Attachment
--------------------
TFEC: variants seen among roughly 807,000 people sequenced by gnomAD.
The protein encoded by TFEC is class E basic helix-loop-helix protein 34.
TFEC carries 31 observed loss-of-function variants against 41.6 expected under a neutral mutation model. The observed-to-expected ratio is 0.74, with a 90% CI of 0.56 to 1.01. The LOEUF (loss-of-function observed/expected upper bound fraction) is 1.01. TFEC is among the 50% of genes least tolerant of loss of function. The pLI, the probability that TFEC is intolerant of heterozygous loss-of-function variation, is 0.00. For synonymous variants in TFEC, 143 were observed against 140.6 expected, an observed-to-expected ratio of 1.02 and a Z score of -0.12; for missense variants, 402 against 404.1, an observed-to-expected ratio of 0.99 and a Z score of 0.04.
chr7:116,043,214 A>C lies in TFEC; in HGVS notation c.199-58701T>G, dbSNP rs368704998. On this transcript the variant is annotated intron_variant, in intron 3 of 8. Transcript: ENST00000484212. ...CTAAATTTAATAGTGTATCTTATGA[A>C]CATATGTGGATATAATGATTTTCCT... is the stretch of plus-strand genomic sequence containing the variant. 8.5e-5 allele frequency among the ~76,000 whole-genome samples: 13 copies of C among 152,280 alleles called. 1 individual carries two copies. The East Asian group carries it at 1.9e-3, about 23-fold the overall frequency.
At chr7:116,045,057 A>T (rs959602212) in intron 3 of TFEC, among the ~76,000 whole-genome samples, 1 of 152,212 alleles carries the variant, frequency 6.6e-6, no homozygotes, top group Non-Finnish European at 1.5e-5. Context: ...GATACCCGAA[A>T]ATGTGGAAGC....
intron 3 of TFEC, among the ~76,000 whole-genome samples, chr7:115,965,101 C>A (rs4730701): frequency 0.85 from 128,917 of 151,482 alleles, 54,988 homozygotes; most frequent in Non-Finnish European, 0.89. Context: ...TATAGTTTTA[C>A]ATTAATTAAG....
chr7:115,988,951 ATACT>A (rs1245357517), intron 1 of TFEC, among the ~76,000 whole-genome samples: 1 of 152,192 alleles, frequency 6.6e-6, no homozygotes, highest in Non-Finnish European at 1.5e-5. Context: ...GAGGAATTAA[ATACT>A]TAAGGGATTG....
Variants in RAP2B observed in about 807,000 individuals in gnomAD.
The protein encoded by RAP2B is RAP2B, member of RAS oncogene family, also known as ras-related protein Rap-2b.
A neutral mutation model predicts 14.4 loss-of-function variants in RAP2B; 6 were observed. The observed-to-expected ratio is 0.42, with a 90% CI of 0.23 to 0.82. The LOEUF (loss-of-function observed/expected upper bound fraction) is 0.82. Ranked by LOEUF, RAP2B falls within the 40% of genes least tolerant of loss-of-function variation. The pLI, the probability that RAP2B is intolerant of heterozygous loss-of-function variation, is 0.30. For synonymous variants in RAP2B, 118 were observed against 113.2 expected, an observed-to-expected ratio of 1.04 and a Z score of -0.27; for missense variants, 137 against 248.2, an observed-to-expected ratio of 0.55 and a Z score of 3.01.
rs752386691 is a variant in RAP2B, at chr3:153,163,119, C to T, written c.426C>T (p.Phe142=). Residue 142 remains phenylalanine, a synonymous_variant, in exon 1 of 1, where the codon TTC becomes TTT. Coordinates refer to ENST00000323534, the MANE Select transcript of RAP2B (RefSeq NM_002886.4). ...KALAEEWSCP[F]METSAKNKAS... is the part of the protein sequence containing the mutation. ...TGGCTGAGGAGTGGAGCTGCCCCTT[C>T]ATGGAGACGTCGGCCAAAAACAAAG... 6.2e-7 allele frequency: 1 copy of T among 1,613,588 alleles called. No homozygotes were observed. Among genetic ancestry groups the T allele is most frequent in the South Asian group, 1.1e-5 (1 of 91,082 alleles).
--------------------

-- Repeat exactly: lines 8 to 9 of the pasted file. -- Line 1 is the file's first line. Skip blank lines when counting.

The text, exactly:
Variants in RAP2B observed in about 807,000 individuals in gnomAD.
The protein encoded by RAP2B is RAP2B, member of RAS oncogene family, also known as ras-related protein Rap-2b.